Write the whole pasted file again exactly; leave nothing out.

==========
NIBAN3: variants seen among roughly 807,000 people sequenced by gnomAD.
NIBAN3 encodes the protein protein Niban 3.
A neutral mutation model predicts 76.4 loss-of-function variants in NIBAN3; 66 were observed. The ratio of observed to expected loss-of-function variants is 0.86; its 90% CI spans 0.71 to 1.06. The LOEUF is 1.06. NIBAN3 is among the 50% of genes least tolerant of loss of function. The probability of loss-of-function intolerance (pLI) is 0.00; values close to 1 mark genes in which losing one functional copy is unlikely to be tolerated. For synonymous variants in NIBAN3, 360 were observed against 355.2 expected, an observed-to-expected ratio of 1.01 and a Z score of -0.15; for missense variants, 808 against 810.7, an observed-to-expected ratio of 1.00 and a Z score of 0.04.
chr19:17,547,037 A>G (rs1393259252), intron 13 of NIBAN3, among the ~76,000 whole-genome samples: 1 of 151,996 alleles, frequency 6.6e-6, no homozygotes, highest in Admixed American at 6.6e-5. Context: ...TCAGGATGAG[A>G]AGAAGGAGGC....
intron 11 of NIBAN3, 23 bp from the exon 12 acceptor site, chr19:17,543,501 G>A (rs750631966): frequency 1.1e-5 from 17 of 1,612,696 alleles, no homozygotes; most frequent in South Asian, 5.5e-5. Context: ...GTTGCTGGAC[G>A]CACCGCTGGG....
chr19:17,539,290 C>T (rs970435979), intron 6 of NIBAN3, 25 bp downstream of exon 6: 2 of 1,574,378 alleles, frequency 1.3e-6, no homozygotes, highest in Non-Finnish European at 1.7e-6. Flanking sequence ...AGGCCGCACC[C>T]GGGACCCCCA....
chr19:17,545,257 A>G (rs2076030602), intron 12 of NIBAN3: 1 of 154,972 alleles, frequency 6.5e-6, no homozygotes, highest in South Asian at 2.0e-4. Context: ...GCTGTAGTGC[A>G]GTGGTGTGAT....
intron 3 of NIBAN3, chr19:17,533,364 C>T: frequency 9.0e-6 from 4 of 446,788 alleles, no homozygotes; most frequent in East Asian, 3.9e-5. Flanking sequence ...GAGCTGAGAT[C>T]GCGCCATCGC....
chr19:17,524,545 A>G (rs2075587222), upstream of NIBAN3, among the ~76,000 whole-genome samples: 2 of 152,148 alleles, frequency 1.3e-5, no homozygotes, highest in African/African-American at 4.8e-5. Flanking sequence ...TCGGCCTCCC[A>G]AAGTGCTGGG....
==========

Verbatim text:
NIBAN3: variants seen among roughly 807,000 people sequenced by gnomAD.
NIBAN3 encodes the protein protein Niban 3.
A neutral mutation model predicts 76.4 loss-of-function variants in NIBAN3; 66 were observed. The ratio of observed to expected loss-of-function variants is 0.86; its 90% CI spans 0.71 to 1.06. The LOEUF is 1.06. NIBAN3 is among the 50% of genes least tolerant of loss of function. The probability of loss-of-function intolerance (pLI) is 0.00; values close to 1 mark genes in which losing one functional copy is unlikely to be tolerated. For synonymous variants in NIBAN3, 360 were observed against 355.2 expected, an observed-to-expected ratio of 1.01 and a Z score of -0.15; for missense variants, 808 against 810.7, an observed-to-expected ratio of 1.00 and a Z score of 0.04.
chr19:17,547,037 A>G (rs1393259252), intron 13 of NIBAN3, among the ~76,000 whole-genome samples: 1 of 151,996 alleles, frequency 6.6e-6, no homozygotes, highest in Admixed American at 6.6e-5. Context: ...TCAGGATGAG[A>G]AGAAGGAGGC....
intron 11 of NIBAN3, 23 bp from the exon 12 acceptor site, chr19:17,543,501 G>A (rs750631966): frequency 1.1e-5 from 17 of 1,612,696 alleles, no homozygotes; most frequent in South Asian, 5.5e-5. Context: ...GTTGCTGGAC[G>A]CACCGCTGGG....
chr19:17,539,290 C>T (rs970435979), intron 6 of NIBAN3, 25 bp downstream of exon 6: 2 of 1,574,378 alleles, frequency 1.3e-6, no homozygotes, highest in Non-Finnish European at 1.7e-6. Flanking sequence ...AGGCCGCACC[C>T]GGGACCCCCA....
chr19:17,545,257 A>G (rs2076030602), intron 12 of NIBAN3: 1 of 154,972 alleles, frequency 6.5e-6, no homozygotes, highest in South Asian at 2.0e-4. Context: ...GCTGTAGTGC[A>G]GTGGTGTGAT....
intron 3 of NIBAN3, chr19:17,533,364 C>T: frequency 9.0e-6 from 4 of 446,788 alleles, no homozygotes; most frequent in East Asian, 3.9e-5. Flanking sequence ...GAGCTGAGAT[C>T]GCGCCATCGC....
chr19:17,524,545 A>G (rs2075587222), upstream of NIBAN3, among the ~76,000 whole-genome samples: 2 of 152,148 alleles, frequency 1.3e-5, no homozygotes, highest in African/African-American at 4.8e-5. Flanking sequence ...TCGGCCTCCC[A>G]AAGTGCTGGG....